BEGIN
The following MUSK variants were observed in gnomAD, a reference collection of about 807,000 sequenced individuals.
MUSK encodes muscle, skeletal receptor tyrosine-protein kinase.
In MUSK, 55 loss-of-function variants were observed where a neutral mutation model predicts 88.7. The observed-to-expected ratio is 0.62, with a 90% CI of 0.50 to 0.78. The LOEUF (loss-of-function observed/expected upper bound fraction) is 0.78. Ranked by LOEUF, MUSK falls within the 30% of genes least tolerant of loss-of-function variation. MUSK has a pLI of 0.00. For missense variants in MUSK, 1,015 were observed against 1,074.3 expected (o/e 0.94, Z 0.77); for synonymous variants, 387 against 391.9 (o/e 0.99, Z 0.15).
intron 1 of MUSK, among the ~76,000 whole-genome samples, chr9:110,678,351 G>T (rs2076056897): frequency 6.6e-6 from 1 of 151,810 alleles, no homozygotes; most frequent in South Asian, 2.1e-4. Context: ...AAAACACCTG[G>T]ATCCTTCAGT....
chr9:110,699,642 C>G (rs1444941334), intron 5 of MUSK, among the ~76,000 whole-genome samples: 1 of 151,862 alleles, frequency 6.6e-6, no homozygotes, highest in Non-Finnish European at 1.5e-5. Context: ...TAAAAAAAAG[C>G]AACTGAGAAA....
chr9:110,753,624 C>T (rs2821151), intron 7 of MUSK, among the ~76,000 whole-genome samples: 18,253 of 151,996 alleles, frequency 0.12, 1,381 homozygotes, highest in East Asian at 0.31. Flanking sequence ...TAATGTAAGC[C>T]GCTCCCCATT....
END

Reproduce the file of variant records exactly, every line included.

The following MUSK variants were observed in gnomAD, a reference collection of about 807,000 sequenced individuals.
MUSK encodes muscle, skeletal receptor tyrosine-protein kinase.
In MUSK, 55 loss-of-function variants were observed where a neutral mutation model predicts 88.7. The observed-to-expected ratio is 0.62, with a 90% CI of 0.50 to 0.78. The LOEUF (loss-of-function observed/expected upper bound fraction) is 0.78. Ranked by LOEUF, MUSK falls within the 30% of genes least tolerant of loss-of-function variation. MUSK has a pLI of 0.00. For missense variants in MUSK, 1,015 were observed against 1,074.3 expected (o/e 0.94, Z 0.77); for synonymous variants, 387 against 391.9 (o/e 0.99, Z 0.15).
intron 1 of MUSK, among the ~76,000 whole-genome samples, chr9:110,678,351 G>T (rs2076056897): frequency 6.6e-6 from 1 of 151,810 alleles, no homozygotes; most frequent in South Asian, 2.1e-4. Context: ...AAAACACCTG[G>T]ATCCTTCAGT....
chr9:110,699,642 C>G (rs1444941334), intron 5 of MUSK, among the ~76,000 whole-genome samples: 1 of 151,862 alleles, frequency 6.6e-6, no homozygotes, highest in Non-Finnish European at 1.5e-5. Context: ...TAAAAAAAAG[C>G]AACTGAGAAA....
chr9:110,753,624 C>T (rs2821151), intron 7 of MUSK, among the ~76,000 whole-genome samples: 18,253 of 151,996 alleles, frequency 0.12, 1,381 homozygotes, highest in East Asian at 0.31. Flanking sequence ...TAATGTAAGC[C>T]GCTCCCCATT....